I just finished reading War As They Knew It: Woody Hayes, Bo Schembechler, and America in a Time of Unrest by Michael Rosenberg. It was an interesting approach, taking the well-known 10 year war between the two great coaches and putting into the context of the politics of the time, what was going on on campus, etc. I am not sure that it really worked, it was sort of like over here we see Dan Dierdorf doing such and so while over here we see Bill Ayers doing this other thing. It never really tied it together very well. But for somebody who actually met these people, who had to decide whether to go to class during the Black Action Movement strike, etc., it was all very cool. Too bad that the author was not able to portray Dierdorf and his roommate Paul Staroba as the vicious bullies that they were, but that is to be expected I guess. Anyway, the main topic was Bo and Woody. Bo was exactly who I thought he was. Woody was more complex, more sympathetic and even more of a jerk than I had imagined. The relationship with Nixon (who spoke at the Old Man's funeral) was amazing. Anyway, if you are follower of Michigan football or one of that bloated agricultural institution to the south, you might find it interesting.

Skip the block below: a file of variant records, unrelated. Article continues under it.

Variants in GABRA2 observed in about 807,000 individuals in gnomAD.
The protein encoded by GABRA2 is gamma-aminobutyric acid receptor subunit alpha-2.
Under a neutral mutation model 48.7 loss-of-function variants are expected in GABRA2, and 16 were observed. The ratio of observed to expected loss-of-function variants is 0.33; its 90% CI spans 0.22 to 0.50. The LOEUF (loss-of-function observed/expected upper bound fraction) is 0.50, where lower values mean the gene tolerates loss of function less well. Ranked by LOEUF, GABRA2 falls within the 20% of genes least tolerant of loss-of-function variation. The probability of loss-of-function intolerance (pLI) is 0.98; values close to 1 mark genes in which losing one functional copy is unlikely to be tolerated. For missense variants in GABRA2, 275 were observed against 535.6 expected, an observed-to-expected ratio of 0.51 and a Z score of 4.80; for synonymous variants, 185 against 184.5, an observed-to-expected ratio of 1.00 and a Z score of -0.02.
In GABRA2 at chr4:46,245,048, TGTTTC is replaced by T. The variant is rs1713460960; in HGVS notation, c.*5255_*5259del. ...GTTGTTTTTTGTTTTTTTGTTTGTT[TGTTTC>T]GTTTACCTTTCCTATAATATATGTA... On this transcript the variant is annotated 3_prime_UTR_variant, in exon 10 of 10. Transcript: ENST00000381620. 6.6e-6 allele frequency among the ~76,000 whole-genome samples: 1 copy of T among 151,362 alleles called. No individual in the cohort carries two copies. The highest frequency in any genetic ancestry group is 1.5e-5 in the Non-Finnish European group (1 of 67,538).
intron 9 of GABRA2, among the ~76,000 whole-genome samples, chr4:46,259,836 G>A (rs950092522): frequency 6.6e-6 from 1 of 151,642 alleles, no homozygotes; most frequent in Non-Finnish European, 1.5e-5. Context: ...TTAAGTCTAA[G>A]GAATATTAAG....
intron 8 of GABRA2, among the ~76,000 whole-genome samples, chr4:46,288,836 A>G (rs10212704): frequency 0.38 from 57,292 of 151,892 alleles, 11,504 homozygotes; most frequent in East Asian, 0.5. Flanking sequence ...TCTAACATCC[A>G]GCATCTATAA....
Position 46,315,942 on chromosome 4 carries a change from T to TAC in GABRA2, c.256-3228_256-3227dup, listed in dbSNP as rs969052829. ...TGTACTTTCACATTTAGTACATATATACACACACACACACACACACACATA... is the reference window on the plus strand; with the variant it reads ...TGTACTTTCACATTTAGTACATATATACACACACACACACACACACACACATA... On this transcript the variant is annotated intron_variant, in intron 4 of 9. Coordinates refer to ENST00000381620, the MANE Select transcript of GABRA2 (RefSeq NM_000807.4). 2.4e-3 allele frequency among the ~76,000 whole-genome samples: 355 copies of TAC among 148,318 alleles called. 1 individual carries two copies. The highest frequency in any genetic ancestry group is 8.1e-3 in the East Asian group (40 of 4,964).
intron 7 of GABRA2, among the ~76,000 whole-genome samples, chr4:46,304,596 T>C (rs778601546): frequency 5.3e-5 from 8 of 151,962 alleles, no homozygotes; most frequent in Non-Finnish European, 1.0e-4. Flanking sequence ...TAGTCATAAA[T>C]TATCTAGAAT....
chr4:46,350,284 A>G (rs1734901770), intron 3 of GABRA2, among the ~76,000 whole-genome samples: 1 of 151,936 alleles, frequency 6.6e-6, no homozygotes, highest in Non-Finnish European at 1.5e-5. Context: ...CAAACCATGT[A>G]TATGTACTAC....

Sunday, March 15, 2009
I went to Tucson yesterday for a book festival where Elmore Leonard appeared.
I am taking tomorrow off and going to a Cactus League game, Dodgers/A's at Phoenix Muni, going to take the train. I see by today's paper that it is a split squad game for the Dodgers so it's not clear whether Manny et al will be there. Going walk over to the Metro and ride to the game.
Friday, February 06, 2009
John sent a great article about how the web has changed how we read and think. Worth looking at if you haven't seen it. Is Google Making Us Stupid?
I spent about a week trying to figure out why the power management features on the new computer would not kick in. The PC is configured to, after 10 minute intervals of inactivity, first go to screensaver, then turn off the monitor, then put the computer to sleep. It would do that occasionally but usually it would not. I observed it going into the screensaver and then returning to the desktop on numerous occasions. I made 4 changes, one of which resolved the issue:
- in MSCONFIG, turned off the startup for itunes
- in MSCONFIG, turned off the startup for quicktime
- in MSCONFIG, turned off the startup for adobe
- removed the link for Logitech desktop messenger from the startup folder
I got really disgusted with my phone the other day. I realized that I was stuck with it for a while, since it had a two year contract and was purchased in July of last year. So... after making sure that I had copies of everything that was useful on it, I installed Windows Mobile 6.1 (which does a master reset of the phone, i.e. wipes out everything except what is on the storage card.) I also did NOT reinstall Good Messaging, decided to go back to ActiveSync for email/calendar/etc. So for I like it much better.